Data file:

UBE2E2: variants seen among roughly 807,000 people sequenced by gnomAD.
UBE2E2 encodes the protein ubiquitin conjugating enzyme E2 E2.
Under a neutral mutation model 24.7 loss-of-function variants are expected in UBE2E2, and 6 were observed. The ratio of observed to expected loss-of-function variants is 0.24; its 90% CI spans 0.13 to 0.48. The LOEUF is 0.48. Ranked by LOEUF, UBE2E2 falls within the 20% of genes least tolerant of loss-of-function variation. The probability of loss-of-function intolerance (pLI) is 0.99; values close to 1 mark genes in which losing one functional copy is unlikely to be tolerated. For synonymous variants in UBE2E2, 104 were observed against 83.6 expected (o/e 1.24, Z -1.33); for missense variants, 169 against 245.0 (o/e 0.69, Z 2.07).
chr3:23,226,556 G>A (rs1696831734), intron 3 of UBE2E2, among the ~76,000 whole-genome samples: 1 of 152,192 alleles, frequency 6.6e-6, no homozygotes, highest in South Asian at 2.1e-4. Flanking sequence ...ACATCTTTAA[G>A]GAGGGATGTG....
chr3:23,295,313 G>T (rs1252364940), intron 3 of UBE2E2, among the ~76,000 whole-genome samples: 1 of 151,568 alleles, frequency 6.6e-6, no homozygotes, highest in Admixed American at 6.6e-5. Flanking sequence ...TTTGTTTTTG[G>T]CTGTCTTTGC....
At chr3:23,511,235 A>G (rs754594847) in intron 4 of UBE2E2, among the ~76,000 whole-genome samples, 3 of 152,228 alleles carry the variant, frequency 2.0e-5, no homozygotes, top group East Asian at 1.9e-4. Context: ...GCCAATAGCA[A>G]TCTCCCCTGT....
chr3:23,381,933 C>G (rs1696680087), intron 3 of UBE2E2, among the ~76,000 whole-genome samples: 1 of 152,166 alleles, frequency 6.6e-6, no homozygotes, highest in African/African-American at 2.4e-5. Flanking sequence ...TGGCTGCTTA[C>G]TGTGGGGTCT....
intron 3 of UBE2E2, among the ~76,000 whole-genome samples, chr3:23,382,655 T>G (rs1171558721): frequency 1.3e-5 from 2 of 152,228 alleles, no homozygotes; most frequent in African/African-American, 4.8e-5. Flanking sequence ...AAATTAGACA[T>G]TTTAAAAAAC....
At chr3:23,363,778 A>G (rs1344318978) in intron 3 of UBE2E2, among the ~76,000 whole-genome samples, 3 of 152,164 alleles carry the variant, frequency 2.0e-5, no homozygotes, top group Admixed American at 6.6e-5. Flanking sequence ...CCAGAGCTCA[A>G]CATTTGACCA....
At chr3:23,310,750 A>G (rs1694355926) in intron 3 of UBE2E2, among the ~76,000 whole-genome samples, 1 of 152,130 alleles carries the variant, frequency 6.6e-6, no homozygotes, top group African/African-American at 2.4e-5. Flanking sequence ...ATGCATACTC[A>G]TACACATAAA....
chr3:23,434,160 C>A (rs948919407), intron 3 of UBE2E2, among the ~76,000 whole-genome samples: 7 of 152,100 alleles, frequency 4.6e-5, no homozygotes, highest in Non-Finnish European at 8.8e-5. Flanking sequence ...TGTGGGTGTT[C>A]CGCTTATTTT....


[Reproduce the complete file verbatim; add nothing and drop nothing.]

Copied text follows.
UBE2E2: variants seen among roughly 807,000 people sequenced by gnomAD.
UBE2E2 encodes the protein ubiquitin conjugating enzyme E2 E2.
Under a neutral mutation model 24.7 loss-of-function variants are expected in UBE2E2, and 6 were observed. The ratio of observed to expected loss-of-function variants is 0.24; its 90% CI spans 0.13 to 0.48. The LOEUF is 0.48. Ranked by LOEUF, UBE2E2 falls within the 20% of genes least tolerant of loss-of-function variation. The probability of loss-of-function intolerance (pLI) is 0.99; values close to 1 mark genes in which losing one functional copy is unlikely to be tolerated. For synonymous variants in UBE2E2, 104 were observed against 83.6 expected (o/e 1.24, Z -1.33); for missense variants, 169 against 245.0 (o/e 0.69, Z 2.07).
chr3:23,226,556 G>A (rs1696831734), intron 3 of UBE2E2, among the ~76,000 whole-genome samples: 1 of 152,192 alleles, frequency 6.6e-6, no homozygotes, highest in South Asian at 2.1e-4. Flanking sequence ...ACATCTTTAA[G>A]GAGGGATGTG....
chr3:23,295,313 G>T (rs1252364940), intron 3 of UBE2E2, among the ~76,000 whole-genome samples: 1 of 151,568 alleles, frequency 6.6e-6, no homozygotes, highest in Admixed American at 6.6e-5. Flanking sequence ...TTTGTTTTTG[G>T]CTGTCTTTGC....
At chr3:23,511,235 A>G (rs754594847) in intron 4 of UBE2E2, among the ~76,000 whole-genome samples, 3 of 152,228 alleles carry the variant, frequency 2.0e-5, no homozygotes, top group East Asian at 1.9e-4. Context: ...GCCAATAGCA[A>G]TCTCCCCTGT....
chr3:23,381,933 C>G (rs1696680087), intron 3 of UBE2E2, among the ~76,000 whole-genome samples: 1 of 152,166 alleles, frequency 6.6e-6, no homozygotes, highest in African/African-American at 2.4e-5. Flanking sequence ...TGGCTGCTTA[C>G]TGTGGGGTCT....
intron 3 of UBE2E2, among the ~76,000 whole-genome samples, chr3:23,382,655 T>G (rs1171558721): frequency 1.3e-5 from 2 of 152,228 alleles, no homozygotes; most frequent in African/African-American, 4.8e-5. Flanking sequence ...AAATTAGACA[T>G]TTTAAAAAAC....
At chr3:23,363,778 A>G (rs1344318978) in intron 3 of UBE2E2, among the ~76,000 whole-genome samples, 3 of 152,164 alleles carry the variant, frequency 2.0e-5, no homozygotes, top group Admixed American at 6.6e-5. Flanking sequence ...CCAGAGCTCA[A>G]CATTTGACCA....
At chr3:23,310,750 A>G (rs1694355926) in intron 3 of UBE2E2, among the ~76,000 whole-genome samples, 1 of 152,130 alleles carries the variant, frequency 6.6e-6, no homozygotes, top group African/African-American at 2.4e-5. Flanking sequence ...ATGCATACTC[A>G]TACACATAAA....
chr3:23,434,160 C>A (rs948919407), intron 3 of UBE2E2, among the ~76,000 whole-genome samples: 7 of 152,100 alleles, frequency 4.6e-5, no homozygotes, highest in Non-Finnish European at 8.8e-5. Flanking sequence ...TGTGGGTGTT[C>A]CGCTTATTTT....